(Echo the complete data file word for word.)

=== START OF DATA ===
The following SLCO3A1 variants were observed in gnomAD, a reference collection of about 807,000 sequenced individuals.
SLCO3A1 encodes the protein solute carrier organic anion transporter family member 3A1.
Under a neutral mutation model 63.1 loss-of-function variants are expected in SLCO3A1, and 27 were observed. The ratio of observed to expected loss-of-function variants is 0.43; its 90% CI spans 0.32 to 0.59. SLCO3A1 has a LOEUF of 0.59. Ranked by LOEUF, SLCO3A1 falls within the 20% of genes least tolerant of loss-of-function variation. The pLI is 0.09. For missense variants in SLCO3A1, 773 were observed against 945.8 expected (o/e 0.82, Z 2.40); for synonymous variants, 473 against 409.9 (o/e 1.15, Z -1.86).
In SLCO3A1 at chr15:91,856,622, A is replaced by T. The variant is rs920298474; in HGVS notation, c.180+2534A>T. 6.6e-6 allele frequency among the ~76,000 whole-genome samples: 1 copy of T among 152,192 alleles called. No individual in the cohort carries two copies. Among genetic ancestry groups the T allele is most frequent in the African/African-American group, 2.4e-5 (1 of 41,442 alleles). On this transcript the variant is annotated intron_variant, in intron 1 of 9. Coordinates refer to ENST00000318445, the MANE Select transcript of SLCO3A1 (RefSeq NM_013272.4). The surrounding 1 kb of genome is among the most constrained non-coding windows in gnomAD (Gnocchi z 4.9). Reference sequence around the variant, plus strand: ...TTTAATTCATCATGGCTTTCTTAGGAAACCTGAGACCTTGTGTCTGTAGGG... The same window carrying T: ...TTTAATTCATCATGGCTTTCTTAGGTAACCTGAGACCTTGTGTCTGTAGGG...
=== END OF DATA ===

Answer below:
The following SLCO3A1 variants were observed in gnomAD, a reference collection of about 807,000 sequenced individuals.
SLCO3A1 encodes the protein solute carrier organic anion transporter family member 3A1.
Under a neutral mutation model 63.1 loss-of-function variants are expected in SLCO3A1, and 27 were observed. The ratio of observed to expected loss-of-function variants is 0.43; its 90% CI spans 0.32 to 0.59. SLCO3A1 has a LOEUF of 0.59. Ranked by LOEUF, SLCO3A1 falls within the 20% of genes least tolerant of loss-of-function variation. The pLI is 0.09. For missense variants in SLCO3A1, 773 were observed against 945.8 expected (o/e 0.82, Z 2.40); for synonymous variants, 473 against 409.9 (o/e 1.15, Z -1.86).
In SLCO3A1 at chr15:91,856,622, A is replaced by T. The variant is rs920298474; in HGVS notation, c.180+2534A>T. 6.6e-6 allele frequency among the ~76,000 whole-genome samples: 1 copy of T among 152,192 alleles called. No individual in the cohort carries two copies. Among genetic ancestry groups the T allele is most frequent in the African/African-American group, 2.4e-5 (1 of 41,442 alleles). On this transcript the variant is annotated intron_variant, in intron 1 of 9. Coordinates refer to ENST00000318445, the MANE Select transcript of SLCO3A1 (RefSeq NM_013272.4). The surrounding 1 kb of genome is among the most constrained non-coding windows in gnomAD (Gnocchi z 4.9). Reference sequence around the variant, plus strand: ...TTTAATTCATCATGGCTTTCTTAGGAAACCTGAGACCTTGTGTCTGTAGGG... The same window carrying T: ...TTTAATTCATCATGGCTTTCTTAGGTAACCTGAGACCTTGTGTCTGTAGGG...